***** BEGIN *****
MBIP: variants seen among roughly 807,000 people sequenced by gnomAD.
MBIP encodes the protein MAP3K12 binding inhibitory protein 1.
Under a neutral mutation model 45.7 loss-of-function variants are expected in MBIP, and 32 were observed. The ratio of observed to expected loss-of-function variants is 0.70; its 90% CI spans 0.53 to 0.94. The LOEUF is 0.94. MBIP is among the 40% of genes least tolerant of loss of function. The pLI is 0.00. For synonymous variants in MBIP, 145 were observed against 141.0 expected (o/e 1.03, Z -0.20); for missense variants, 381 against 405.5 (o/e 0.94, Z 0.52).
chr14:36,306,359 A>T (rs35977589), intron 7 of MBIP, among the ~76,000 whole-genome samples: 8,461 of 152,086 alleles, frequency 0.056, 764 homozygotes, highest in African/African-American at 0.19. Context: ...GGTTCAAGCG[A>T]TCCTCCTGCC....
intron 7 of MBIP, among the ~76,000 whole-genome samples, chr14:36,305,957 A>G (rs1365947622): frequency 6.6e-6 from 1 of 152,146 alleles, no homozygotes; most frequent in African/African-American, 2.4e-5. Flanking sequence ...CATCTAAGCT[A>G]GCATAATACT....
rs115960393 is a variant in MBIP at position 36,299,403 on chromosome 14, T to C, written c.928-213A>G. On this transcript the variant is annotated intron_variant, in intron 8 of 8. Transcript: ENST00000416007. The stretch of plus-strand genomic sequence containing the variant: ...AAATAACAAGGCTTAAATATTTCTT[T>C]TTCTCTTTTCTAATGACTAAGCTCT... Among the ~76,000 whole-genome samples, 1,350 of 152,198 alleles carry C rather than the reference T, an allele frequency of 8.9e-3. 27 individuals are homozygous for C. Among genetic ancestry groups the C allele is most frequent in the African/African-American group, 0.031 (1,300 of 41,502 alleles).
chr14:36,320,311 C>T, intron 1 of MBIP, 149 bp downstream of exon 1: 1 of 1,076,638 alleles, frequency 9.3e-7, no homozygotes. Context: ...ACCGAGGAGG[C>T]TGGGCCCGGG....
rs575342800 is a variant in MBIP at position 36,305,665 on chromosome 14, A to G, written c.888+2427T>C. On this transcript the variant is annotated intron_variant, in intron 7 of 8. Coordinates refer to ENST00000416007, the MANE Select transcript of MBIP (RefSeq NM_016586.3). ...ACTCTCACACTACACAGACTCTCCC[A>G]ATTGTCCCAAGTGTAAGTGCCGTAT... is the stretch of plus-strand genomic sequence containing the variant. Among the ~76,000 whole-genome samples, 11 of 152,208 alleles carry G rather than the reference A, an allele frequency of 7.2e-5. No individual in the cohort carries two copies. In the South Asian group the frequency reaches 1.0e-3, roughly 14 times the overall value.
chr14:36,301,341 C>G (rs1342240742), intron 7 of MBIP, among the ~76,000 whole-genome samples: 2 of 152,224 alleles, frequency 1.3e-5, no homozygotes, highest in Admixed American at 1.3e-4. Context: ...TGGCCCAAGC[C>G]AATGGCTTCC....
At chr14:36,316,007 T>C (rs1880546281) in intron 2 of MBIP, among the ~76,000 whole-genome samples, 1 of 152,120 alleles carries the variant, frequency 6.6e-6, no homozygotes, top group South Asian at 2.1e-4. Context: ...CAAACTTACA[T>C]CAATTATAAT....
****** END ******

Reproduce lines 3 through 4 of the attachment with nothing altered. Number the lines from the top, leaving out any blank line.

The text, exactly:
Under a neutral mutation model 45.7 loss-of-function variants are expected in MBIP, and 32 were observed. The ratio of observed to expected loss-of-function variants is 0.70; its 90% CI spans 0.53 to 0.94. The LOEUF is 0.94. MBIP is among the 40% of genes least tolerant of loss of function. The pLI is 0.00. For synonymous variants in MBIP, 145 were observed against 141.0 expected (o/e 1.03, Z -0.20); for missense variants, 381 against 405.5 (o/e 0.94, Z 0.52).
chr14:36,306,359 A>T (rs35977589), intron 7 of MBIP, among the ~76,000 whole-genome samples: 8,461 of 152,086 alleles, frequency 0.056, 764 homozygotes, highest in African/African-American at 0.19. Context: ...GGTTCAAGCG[A>T]TCCTCCTGCC....